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Jun 27, 2008 - Spotting things you'll want to see today.

Google data now available for fun or profit
Google Ad Planner

Google opened its data vault not once but twice this week, introducing the Google Ad Planner as well as an enhanced Google Trends that allows consumers to see web traffic estimates. Both products rely on data from Google searches, the Google Toolbar, opt-in participants using Google Analytics and other 'third party' sources.

Trends will now operate alongside Compete and Amazon's Search Engine Roundtable embraced the new Trends and provided examples of how it can benefit online marketers. Other bloggers were not as welcoming. Conversion Rater provided an example of distortions caused by the Google Analytics data. Bruce Clay was one of several bloggers who questioned Google's use of data and wondered why stats for Google's own sites were not reported. Several bloggers are holding out more promise for the anticipated Mozilla product revealed by Techcrunch.

The Ad Planner will compete directly with services like Comscore and Hitwise. Wall Street immediately devalued Comscore by 23% in one day despite Silicon Alley Insider's report on Comscore's confidence that ad agencies would not quickly adopt Ad Planner. Search Engine Roundtable was an early invitee to use the service and provided screenshots along with a favorable impression and Search Engine Land provided an overview of its capabilities. eBarndz was quick to point out the perception problems of Google being a major ad supplier as well as a media data source. ClickZ spoke to industry insiders who simply felt that the Ad Planner just doesn't measure up against the competition, yet.

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What are friends for?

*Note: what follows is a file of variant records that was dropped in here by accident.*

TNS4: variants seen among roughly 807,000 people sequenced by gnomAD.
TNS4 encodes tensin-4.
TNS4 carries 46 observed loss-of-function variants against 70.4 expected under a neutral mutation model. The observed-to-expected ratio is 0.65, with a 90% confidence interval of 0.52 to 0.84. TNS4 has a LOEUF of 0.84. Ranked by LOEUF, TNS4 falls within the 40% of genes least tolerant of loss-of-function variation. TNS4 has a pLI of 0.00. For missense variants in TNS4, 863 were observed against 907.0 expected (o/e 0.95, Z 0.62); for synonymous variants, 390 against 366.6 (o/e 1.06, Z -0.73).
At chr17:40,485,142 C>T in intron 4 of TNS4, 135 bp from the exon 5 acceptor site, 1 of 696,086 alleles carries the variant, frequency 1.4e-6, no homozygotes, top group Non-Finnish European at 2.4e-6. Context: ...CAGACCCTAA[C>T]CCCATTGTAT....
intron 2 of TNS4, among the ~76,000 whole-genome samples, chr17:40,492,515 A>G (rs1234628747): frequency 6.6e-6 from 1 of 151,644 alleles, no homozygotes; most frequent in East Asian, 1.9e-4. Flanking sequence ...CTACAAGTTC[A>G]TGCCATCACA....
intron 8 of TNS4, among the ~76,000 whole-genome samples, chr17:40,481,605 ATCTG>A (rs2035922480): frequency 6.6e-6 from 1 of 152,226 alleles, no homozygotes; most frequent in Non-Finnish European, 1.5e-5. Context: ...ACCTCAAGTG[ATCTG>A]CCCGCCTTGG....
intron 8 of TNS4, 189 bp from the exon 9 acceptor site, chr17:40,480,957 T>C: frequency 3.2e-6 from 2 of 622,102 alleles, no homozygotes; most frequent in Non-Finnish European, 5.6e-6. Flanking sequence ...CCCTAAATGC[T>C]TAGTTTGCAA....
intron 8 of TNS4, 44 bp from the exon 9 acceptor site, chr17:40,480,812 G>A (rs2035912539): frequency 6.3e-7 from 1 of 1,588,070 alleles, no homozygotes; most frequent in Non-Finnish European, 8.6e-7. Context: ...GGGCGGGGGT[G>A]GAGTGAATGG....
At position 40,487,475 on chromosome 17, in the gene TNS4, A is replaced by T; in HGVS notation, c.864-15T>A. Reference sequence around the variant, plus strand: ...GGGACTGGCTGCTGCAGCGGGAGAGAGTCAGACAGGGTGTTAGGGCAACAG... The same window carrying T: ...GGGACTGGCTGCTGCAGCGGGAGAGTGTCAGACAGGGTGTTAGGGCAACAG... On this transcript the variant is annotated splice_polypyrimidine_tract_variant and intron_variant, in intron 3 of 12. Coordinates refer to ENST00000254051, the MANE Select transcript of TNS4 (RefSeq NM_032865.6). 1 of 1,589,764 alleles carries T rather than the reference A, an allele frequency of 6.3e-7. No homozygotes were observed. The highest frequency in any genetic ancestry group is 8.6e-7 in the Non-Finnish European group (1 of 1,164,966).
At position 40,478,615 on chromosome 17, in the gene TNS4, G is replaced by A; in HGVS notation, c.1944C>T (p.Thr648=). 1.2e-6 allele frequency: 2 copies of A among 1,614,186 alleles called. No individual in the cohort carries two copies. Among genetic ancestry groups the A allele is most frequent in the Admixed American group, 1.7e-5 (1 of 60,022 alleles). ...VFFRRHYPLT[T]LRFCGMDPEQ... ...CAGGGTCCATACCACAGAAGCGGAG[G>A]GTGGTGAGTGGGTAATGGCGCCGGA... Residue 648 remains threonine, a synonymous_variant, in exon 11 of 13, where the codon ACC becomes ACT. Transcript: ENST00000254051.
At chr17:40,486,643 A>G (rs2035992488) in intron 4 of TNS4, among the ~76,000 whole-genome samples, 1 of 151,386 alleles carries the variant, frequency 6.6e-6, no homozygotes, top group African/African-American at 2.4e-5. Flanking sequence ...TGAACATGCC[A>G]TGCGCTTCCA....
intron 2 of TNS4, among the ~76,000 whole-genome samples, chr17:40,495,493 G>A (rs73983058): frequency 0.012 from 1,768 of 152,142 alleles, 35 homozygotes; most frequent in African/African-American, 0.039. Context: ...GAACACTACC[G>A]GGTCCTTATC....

SocialMedia's goal is to create socially oriented advertising that targets consumers and then recommends a specific friend that they can spend their money with. They will integrate data from social networks so that, for example, an advertisement for the movie 'Hancock' will be embedded with the name of a friend who might also enjoy the movie. Alexander van Elsas was one of the first bloggers to ask if SocialMedia's 'Friendrank' system crosses a privacy line that will harm the project. Broadstuff took it a bit further, invoking the lessons that Facebook learned from the Beacon disaster and claiming that social objects just don't translate to advertising success. The service is opt-out (as was Beacon) and the advertisements will be delivered outside of the social networks, two problems that SocialTimes predicted will be at the center of a lively debate on the future of social advertising.

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MySpace redesigned

Hopelessly cluttered by unplanned growth, MySpace last week unveiled a highly anticipated redesign, assisted by Adaptive Path. Web Monkey provided an interview with project leader Ryan Freitas about the objective of paring down the sensory overload. e-Consultancy made a comparison of the old and the new and praised the effort to streamline a site that is, by definition, given to entropy. A key business objective, revealed by co-founder Tom Anderson in an interview with Mark Evans is to provide a new customizable profile page that can be integrated with outside data to function as a web start page for users.

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Tools: New and/or improved

Radar Screen: Microsoft and semantic search engine Powerset

Microsoft may have taken a first step in an effort to spend its way past Google and Yahoo by purchasing semantic search pioneer Powerset.


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